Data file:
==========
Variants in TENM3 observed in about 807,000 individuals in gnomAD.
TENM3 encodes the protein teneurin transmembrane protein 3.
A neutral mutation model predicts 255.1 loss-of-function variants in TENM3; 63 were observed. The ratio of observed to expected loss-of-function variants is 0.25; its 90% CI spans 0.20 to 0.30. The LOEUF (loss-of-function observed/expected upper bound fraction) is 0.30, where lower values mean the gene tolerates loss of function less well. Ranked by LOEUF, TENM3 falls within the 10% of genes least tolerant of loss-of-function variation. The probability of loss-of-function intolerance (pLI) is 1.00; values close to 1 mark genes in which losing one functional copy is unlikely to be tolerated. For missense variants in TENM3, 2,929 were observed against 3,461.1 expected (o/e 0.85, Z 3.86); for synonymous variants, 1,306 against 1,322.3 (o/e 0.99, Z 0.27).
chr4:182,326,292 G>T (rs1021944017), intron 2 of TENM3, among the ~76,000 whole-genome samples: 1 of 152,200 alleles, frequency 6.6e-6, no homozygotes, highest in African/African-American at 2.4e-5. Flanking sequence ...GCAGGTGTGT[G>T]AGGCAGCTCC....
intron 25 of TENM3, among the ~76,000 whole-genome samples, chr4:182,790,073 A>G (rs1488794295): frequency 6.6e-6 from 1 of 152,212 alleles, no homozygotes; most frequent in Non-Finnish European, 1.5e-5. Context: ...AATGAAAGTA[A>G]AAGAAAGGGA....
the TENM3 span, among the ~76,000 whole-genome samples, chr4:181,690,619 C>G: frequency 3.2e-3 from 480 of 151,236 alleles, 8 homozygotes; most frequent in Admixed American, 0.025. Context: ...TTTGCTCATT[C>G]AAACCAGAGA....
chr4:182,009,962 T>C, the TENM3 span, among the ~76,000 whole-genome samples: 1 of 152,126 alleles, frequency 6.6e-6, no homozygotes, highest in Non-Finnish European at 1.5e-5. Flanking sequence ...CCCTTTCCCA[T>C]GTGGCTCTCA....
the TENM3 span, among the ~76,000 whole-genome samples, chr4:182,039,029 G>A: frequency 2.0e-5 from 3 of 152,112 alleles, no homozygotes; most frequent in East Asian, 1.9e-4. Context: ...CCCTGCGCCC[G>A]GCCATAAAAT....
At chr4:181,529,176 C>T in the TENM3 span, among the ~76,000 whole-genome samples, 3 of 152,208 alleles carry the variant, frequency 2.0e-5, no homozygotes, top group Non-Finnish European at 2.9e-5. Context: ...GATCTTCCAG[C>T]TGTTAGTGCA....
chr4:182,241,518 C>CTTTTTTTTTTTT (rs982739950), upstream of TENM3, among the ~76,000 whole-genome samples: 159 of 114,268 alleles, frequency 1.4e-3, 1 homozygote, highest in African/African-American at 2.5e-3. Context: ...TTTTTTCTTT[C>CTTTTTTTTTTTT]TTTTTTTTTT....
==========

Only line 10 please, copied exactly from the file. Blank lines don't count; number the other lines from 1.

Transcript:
chr4:182,241,518 C>CTTTTTTTTTTTT (rs982739950), upstream of TENM3, among the ~76,000 whole-genome samples: 159 of 114,268 alleles, frequency 1.4e-3, 1 homozygote, highest in African/African-American at 2.5e-3. Context: ...TTTTTTCTTT[C>CTTTTTTTTTTTT]TTTTTTTTTT....